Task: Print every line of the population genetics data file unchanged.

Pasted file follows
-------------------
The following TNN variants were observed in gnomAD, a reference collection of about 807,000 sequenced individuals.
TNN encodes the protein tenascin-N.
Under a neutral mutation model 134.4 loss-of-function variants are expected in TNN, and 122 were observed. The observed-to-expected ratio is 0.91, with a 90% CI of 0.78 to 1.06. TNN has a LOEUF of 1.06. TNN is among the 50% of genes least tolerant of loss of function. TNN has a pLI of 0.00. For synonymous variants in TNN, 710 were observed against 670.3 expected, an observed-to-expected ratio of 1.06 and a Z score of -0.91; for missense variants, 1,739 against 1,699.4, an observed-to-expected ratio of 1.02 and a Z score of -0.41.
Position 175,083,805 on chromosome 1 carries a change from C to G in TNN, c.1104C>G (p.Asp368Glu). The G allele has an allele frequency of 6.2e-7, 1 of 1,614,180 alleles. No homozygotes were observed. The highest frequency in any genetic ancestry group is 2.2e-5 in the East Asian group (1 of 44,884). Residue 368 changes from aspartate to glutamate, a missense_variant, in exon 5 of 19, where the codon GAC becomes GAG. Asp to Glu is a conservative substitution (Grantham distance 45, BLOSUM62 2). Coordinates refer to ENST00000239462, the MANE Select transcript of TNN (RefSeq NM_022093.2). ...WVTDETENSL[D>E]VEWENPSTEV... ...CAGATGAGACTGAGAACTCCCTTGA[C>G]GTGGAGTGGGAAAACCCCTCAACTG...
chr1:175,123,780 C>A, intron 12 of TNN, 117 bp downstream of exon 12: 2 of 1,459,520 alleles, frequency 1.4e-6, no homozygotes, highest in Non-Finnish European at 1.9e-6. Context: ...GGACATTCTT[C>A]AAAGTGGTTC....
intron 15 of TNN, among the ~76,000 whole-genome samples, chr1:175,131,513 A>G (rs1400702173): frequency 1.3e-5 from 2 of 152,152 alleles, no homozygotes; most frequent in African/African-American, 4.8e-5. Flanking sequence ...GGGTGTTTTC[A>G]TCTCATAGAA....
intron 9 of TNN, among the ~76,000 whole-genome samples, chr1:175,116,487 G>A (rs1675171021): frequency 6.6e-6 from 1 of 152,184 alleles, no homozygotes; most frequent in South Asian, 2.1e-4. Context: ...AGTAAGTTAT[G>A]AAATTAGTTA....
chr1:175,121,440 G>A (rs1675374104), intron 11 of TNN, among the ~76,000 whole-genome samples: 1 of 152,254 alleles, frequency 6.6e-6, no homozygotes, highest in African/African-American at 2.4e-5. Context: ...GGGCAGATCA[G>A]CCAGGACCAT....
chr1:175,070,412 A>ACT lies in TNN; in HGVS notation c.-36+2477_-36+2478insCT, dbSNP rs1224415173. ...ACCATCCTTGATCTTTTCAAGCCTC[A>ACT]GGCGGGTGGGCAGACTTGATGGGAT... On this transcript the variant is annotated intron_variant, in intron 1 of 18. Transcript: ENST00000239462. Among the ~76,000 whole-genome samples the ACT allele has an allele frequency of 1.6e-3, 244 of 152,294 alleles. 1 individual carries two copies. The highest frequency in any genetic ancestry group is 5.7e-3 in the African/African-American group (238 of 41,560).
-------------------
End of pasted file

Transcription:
The following TNN variants were observed in gnomAD, a reference collection of about 807,000 sequenced individuals.
TNN encodes the protein tenascin-N.
Under a neutral mutation model 134.4 loss-of-function variants are expected in TNN, and 122 were observed. The observed-to-expected ratio is 0.91, with a 90% CI of 0.78 to 1.06. TNN has a LOEUF of 1.06. TNN is among the 50% of genes least tolerant of loss of function. TNN has a pLI of 0.00. For synonymous variants in TNN, 710 were observed against 670.3 expected, an observed-to-expected ratio of 1.06 and a Z score of -0.91; for missense variants, 1,739 against 1,699.4, an observed-to-expected ratio of 1.02 and a Z score of -0.41.
Position 175,083,805 on chromosome 1 carries a change from C to G in TNN, c.1104C>G (p.Asp368Glu). The G allele has an allele frequency of 6.2e-7, 1 of 1,614,180 alleles. No homozygotes were observed. The highest frequency in any genetic ancestry group is 2.2e-5 in the East Asian group (1 of 44,884). Residue 368 changes from aspartate to glutamate, a missense_variant, in exon 5 of 19, where the codon GAC becomes GAG. Asp to Glu is a conservative substitution (Grantham distance 45, BLOSUM62 2). Coordinates refer to ENST00000239462, the MANE Select transcript of TNN (RefSeq NM_022093.2). ...WVTDETENSL[D>E]VEWENPSTEV... ...CAGATGAGACTGAGAACTCCCTTGA[C>G]GTGGAGTGGGAAAACCCCTCAACTG...
chr1:175,123,780 C>A, intron 12 of TNN, 117 bp downstream of exon 12: 2 of 1,459,520 alleles, frequency 1.4e-6, no homozygotes, highest in Non-Finnish European at 1.9e-6. Context: ...GGACATTCTT[C>A]AAAGTGGTTC....
intron 15 of TNN, among the ~76,000 whole-genome samples, chr1:175,131,513 A>G (rs1400702173): frequency 1.3e-5 from 2 of 152,152 alleles, no homozygotes; most frequent in African/African-American, 4.8e-5. Flanking sequence ...GGGTGTTTTC[A>G]TCTCATAGAA....
intron 9 of TNN, among the ~76,000 whole-genome samples, chr1:175,116,487 G>A (rs1675171021): frequency 6.6e-6 from 1 of 152,184 alleles, no homozygotes; most frequent in South Asian, 2.1e-4. Context: ...AGTAAGTTAT[G>A]AAATTAGTTA....
chr1:175,121,440 G>A (rs1675374104), intron 11 of TNN, among the ~76,000 whole-genome samples: 1 of 152,254 alleles, frequency 6.6e-6, no homozygotes, highest in African/African-American at 2.4e-5. Context: ...GGGCAGATCA[G>A]CCAGGACCAT....
chr1:175,070,412 A>ACT lies in TNN; in HGVS notation c.-36+2477_-36+2478insCT, dbSNP rs1224415173. ...ACCATCCTTGATCTTTTCAAGCCTC[A>ACT]GGCGGGTGGGCAGACTTGATGGGAT... On this transcript the variant is annotated intron_variant, in intron 1 of 18. Transcript: ENST00000239462. Among the ~76,000 whole-genome samples the ACT allele has an allele frequency of 1.6e-3, 244 of 152,294 alleles. 1 individual carries two copies. The highest frequency in any genetic ancestry group is 5.7e-3 in the African/African-American group (238 of 41,560).